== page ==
What if they want me to snitch on my friends?
This is the ugliest face of the great federal beast. Much of its clandestine empire is based upon beating people down to the point where they turn on their own family members. Under the banner “the good guys” the same sleazy and coercive tactics used by the mafia are employed. Playing rough with criminals to protect our society is one thing, but forcing people to lie (so they can get what they want) is a sad but common practice. The government’s snitch culture rewards liars, cowards ans serious criminals. Small time, non violent players are less likely to know anyone to turn in. They are given more prison time. Your choice may be limited to saying what they demand or facing more time.
It is likely that you and your friends will be high pressured to snitch on each other. In prison (FCI) “snitch” is a dirty word. You will not find a single person who will admit to doing this; yet the vast majority did. Those who make the biggest huff about snitches are often just masking their own shame. At the same time, there are those who stood firm for their friends. They are the rare breed who do extra time that they could have gotten out of. Whether or not you choose to make statements against your friends is ultimately your decision. The difference is in your own character. Long after your sentence is over, when you look into the mirror, will you see a person of true substance or just an everyday coward?
There are several ways for other inmates to find out if someone did snitch. This is uncommon but does occur, mainly among gang members, or to find out about some truly puzzling individual. To get more information, inmates who are friendly with staff members can sometimes get them to pull up privileged data. If a person’s time doesn’t match that persons crime then that person is suspect. For example, if a person received one year for two kilos of coke it looks a bit funny. The other way that inmates get personal info is to demand that a questionable inmate have his/her file (PSI) sent in from outside for everyone to look at. In one case I heard of an inmate who left a computer-rendered file with his parents just in case. That file could be sent at a moments notice.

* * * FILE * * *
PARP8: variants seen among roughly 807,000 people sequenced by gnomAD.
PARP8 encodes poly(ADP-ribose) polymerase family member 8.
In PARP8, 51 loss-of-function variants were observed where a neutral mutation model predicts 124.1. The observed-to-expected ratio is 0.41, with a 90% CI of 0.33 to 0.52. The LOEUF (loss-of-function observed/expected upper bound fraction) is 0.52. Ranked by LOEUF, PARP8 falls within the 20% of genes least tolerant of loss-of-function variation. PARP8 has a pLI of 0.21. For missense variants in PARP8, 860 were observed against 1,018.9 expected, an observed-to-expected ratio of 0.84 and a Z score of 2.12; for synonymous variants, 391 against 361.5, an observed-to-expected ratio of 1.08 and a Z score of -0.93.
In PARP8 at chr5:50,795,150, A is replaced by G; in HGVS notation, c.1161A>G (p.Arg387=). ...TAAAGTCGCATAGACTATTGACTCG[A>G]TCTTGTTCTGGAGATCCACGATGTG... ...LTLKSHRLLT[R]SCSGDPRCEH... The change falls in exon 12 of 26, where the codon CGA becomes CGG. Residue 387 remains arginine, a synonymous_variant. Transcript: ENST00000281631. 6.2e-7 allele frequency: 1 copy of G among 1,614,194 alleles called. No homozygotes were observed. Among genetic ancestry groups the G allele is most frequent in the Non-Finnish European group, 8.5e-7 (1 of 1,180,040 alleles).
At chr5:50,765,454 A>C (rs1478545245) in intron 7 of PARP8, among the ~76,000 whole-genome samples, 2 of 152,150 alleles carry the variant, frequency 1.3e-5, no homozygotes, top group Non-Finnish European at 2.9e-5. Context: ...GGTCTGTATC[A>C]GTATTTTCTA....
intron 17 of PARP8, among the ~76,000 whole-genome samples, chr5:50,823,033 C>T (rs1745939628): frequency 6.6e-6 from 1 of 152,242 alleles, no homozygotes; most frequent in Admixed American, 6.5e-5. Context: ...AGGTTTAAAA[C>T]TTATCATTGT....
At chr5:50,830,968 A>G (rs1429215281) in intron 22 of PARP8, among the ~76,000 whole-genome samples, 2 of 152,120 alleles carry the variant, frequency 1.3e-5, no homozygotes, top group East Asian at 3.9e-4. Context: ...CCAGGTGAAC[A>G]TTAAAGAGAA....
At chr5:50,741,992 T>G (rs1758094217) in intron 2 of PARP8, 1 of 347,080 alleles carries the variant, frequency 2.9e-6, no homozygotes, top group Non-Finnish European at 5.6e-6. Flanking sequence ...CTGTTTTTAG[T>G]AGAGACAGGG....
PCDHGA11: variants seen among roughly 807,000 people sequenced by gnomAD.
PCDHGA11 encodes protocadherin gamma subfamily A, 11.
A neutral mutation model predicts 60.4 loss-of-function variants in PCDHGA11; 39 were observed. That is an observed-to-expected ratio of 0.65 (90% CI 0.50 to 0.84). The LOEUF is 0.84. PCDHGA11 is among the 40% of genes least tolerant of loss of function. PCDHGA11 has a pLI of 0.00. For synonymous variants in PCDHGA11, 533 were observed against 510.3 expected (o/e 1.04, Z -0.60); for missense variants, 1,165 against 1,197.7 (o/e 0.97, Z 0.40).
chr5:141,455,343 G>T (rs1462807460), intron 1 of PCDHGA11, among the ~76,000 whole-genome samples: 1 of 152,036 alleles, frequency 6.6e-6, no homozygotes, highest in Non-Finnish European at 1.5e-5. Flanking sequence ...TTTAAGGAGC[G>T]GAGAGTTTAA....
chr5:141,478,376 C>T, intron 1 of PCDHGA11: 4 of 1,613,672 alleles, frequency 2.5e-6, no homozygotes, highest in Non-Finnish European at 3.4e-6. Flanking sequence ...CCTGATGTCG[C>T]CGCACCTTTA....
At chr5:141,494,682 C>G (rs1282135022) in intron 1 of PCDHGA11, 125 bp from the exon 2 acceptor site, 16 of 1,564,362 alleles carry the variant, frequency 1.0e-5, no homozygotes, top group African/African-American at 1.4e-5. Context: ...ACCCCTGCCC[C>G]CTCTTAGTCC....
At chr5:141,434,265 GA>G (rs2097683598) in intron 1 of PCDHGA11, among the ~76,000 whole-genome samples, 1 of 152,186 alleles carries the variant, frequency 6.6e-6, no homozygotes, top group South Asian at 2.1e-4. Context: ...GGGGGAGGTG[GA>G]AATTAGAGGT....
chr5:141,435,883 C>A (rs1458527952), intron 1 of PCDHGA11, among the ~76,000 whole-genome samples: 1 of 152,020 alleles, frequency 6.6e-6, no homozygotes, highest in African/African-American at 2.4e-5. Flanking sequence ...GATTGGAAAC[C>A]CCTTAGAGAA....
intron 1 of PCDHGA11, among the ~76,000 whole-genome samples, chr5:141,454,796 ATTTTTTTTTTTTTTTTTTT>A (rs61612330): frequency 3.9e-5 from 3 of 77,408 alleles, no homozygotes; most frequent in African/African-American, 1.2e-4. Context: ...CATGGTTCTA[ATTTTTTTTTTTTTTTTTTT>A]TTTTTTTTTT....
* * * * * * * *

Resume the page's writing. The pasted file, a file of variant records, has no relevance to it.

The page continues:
The feds have known to sometimes renege on their agreements after they get the information they want.
Should I make a run for it?
Your change of getting caught is great. The U.S. Marshal Service is relentless: see their website (www.usmarshals.gov) for current statistics. In 2007 alone U.S. Marshals arrested more than 36,000 federal fugitives and more than 58,600 state and local fugitives. Before you attempt to defy the odds it would be a good idea to consider all of the ramifications. If you are incarcerated you can, at least, still see and talk to those you care about. Even if you flee the country and change your identity your odds are very low. The only countries that do not have an extradition treaty with the U.S. are places that are far worse than Club Fed. Once you are ultimately captured, you will be given even more time.
A good friend of mine ran. Before he left, he told me that he could not bear to be away from his two-year old twins while he was doing his four-year stretch. He managed to hide out with his family for seven years before he was picked up. The twins will now be grown men before he is once again free.
Running can also be stressful thing to put your friends and family members through. Not only will they worry about your safety but agents will stalk them continuously and monitor their telephones.
The Morales Law Firm would like to thank Mad Dogs guide to Club Fed (Instruction Manual for Newcomers) for sharing this information with us.